What ever happened to good old journalism

Public knowledge comes from what we see, hear, or read. News coverage should be based on facts not opinions.

The media should not use their power and influence to achieve their political views. Journalism has those who play fast and loose with facts to mislead their readers.

We have become a divided nation that needs to heal and the media is a partial cause for this separation.

A hundred protesters with half not knowing why they are protesting will get three times coverage compared to something that has a positive attitude.

A young graduate, beginning her life in the real world, had an article in the Tribune headlined “Eradicating xenophobia is contingent on preservation.”

She states xenophobia tendencies increase as fear-mongering politicians spill words of hate and intolerance, making matters worse for people of color.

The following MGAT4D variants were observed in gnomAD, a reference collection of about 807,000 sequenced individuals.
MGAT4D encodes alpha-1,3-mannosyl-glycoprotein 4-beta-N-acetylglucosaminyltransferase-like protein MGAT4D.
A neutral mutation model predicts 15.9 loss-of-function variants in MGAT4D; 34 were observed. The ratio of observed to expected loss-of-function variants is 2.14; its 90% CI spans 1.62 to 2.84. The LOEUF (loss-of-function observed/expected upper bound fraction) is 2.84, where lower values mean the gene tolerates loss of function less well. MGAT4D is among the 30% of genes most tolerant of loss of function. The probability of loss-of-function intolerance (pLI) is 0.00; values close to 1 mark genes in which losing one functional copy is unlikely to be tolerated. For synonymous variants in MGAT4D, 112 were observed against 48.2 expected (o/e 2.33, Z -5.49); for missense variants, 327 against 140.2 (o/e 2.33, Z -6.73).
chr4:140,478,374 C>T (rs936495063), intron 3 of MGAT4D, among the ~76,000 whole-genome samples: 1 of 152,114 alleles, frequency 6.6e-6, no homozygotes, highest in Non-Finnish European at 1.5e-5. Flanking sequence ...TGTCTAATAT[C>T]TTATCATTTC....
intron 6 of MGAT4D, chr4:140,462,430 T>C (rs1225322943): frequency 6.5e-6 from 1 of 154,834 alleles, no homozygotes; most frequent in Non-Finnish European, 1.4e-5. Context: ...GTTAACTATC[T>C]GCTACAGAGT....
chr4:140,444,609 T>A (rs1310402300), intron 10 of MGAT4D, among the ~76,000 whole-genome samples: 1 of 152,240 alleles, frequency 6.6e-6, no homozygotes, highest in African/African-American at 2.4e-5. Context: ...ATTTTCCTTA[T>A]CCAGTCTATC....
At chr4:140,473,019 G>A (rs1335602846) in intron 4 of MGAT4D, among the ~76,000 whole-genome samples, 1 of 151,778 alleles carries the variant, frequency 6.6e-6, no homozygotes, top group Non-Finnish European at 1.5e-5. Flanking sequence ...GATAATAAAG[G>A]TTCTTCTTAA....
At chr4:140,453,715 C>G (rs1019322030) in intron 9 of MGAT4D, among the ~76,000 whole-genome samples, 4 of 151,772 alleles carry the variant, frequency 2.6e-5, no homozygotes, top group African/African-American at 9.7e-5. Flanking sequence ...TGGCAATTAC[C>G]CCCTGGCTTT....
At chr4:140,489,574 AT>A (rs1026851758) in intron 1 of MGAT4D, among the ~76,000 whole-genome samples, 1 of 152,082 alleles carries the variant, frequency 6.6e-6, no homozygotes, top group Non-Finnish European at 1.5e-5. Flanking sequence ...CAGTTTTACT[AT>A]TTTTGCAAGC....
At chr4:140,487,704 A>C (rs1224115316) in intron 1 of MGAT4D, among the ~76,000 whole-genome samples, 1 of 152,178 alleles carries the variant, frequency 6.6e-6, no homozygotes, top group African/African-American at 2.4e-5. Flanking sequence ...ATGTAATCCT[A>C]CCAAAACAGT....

She states language is key to reuniting with one’s culture and makes sure that her younger siblings learn Spanish first with English as a close second.

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One solution in ending racism might be to just quit talking about it.

The Labor Department states over the past 15 years, U.S. Newspapers have cut their work force by more than 50 percent. With the likes of Twitter, Facebook, online buying and biased coverage the newspaper business could be facing a slow death.

Regarding local news, going into Nebraska’s 2017 legislative session, knowing the possibility of a shortfall, why would any state senator introduce a new bill that would be cost related?

Robert L. Warner

Fremont

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